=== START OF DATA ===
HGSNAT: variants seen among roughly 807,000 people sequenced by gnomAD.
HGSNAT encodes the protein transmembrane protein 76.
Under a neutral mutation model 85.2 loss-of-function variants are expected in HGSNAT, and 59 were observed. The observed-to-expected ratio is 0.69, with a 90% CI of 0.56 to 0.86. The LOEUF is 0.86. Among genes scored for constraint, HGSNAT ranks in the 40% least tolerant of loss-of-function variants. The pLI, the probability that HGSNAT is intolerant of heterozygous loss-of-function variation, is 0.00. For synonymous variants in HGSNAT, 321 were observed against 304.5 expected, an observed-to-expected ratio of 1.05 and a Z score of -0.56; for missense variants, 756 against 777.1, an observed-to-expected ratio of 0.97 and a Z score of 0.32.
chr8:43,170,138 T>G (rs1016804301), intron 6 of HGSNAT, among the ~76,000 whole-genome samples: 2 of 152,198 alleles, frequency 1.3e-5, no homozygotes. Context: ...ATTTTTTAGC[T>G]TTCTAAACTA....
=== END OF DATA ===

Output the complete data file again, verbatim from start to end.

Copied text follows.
HGSNAT: variants seen among roughly 807,000 people sequenced by gnomAD.
HGSNAT encodes the protein transmembrane protein 76.
Under a neutral mutation model 85.2 loss-of-function variants are expected in HGSNAT, and 59 were observed. The observed-to-expected ratio is 0.69, with a 90% CI of 0.56 to 0.86. The LOEUF is 0.86. Among genes scored for constraint, HGSNAT ranks in the 40% least tolerant of loss-of-function variants. The pLI, the probability that HGSNAT is intolerant of heterozygous loss-of-function variation, is 0.00. For synonymous variants in HGSNAT, 321 were observed against 304.5 expected, an observed-to-expected ratio of 1.05 and a Z score of -0.56; for missense variants, 756 against 777.1, an observed-to-expected ratio of 0.97 and a Z score of 0.32.
chr8:43,170,138 T>G (rs1016804301), intron 6 of HGSNAT, among the ~76,000 whole-genome samples: 2 of 152,198 alleles, frequency 1.3e-5, no homozygotes. Context: ...ATTTTTTAGC[T>G]TTCTAAACTA....